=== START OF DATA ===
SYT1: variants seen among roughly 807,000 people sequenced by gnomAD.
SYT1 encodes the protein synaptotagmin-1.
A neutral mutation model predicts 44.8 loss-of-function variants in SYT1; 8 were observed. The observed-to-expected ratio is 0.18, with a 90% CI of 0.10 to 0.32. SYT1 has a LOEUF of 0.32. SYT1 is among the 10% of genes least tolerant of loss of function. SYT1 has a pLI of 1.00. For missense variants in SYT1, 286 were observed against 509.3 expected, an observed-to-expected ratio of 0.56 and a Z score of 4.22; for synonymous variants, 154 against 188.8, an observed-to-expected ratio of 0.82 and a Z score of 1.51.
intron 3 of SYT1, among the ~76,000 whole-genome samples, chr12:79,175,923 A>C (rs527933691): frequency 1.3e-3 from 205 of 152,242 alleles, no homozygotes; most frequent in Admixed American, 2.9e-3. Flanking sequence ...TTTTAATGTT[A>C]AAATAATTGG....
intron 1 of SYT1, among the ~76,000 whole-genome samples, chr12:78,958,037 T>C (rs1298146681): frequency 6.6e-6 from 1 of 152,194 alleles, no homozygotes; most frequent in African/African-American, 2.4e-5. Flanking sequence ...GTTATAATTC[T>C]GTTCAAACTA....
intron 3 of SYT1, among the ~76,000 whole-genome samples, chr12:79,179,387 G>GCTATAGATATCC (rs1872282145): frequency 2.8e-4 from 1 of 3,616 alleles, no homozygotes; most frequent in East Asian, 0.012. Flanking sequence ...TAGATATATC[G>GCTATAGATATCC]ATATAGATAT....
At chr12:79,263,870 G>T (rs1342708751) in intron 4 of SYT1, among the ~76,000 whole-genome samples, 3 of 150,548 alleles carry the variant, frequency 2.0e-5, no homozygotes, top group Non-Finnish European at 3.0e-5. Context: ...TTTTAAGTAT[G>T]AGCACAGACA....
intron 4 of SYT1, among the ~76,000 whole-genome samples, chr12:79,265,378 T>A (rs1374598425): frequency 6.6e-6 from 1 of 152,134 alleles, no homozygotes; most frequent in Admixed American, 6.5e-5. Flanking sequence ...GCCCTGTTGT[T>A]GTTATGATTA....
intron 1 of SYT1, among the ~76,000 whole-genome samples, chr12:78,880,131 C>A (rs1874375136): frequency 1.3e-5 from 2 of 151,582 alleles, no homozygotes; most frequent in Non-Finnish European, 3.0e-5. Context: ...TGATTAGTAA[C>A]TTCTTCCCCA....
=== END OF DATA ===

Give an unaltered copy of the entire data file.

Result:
SYT1: variants seen among roughly 807,000 people sequenced by gnomAD.
SYT1 encodes the protein synaptotagmin-1.
A neutral mutation model predicts 44.8 loss-of-function variants in SYT1; 8 were observed. The observed-to-expected ratio is 0.18, with a 90% CI of 0.10 to 0.32. SYT1 has a LOEUF of 0.32. SYT1 is among the 10% of genes least tolerant of loss of function. SYT1 has a pLI of 1.00. For missense variants in SYT1, 286 were observed against 509.3 expected, an observed-to-expected ratio of 0.56 and a Z score of 4.22; for synonymous variants, 154 against 188.8, an observed-to-expected ratio of 0.82 and a Z score of 1.51.
intron 3 of SYT1, among the ~76,000 whole-genome samples, chr12:79,175,923 A>C (rs527933691): frequency 1.3e-3 from 205 of 152,242 alleles, no homozygotes; most frequent in Admixed American, 2.9e-3. Flanking sequence ...TTTTAATGTT[A>C]AAATAATTGG....
intron 1 of SYT1, among the ~76,000 whole-genome samples, chr12:78,958,037 T>C (rs1298146681): frequency 6.6e-6 from 1 of 152,194 alleles, no homozygotes; most frequent in African/African-American, 2.4e-5. Flanking sequence ...GTTATAATTC[T>C]GTTCAAACTA....
intron 3 of SYT1, among the ~76,000 whole-genome samples, chr12:79,179,387 G>GCTATAGATATCC (rs1872282145): frequency 2.8e-4 from 1 of 3,616 alleles, no homozygotes; most frequent in East Asian, 0.012. Flanking sequence ...TAGATATATC[G>GCTATAGATATCC]ATATAGATAT....
At chr12:79,263,870 G>T (rs1342708751) in intron 4 of SYT1, among the ~76,000 whole-genome samples, 3 of 150,548 alleles carry the variant, frequency 2.0e-5, no homozygotes, top group Non-Finnish European at 3.0e-5. Context: ...TTTTAAGTAT[G>T]AGCACAGACA....
intron 4 of SYT1, among the ~76,000 whole-genome samples, chr12:79,265,378 T>A (rs1374598425): frequency 6.6e-6 from 1 of 152,134 alleles, no homozygotes; most frequent in Admixed American, 6.5e-5. Flanking sequence ...GCCCTGTTGT[T>A]GTTATGATTA....
intron 1 of SYT1, among the ~76,000 whole-genome samples, chr12:78,880,131 C>A (rs1874375136): frequency 1.3e-5 from 2 of 151,582 alleles, no homozygotes; most frequent in Non-Finnish European, 3.0e-5. Context: ...TGATTAGTAA[C>A]TTCTTCCCCA....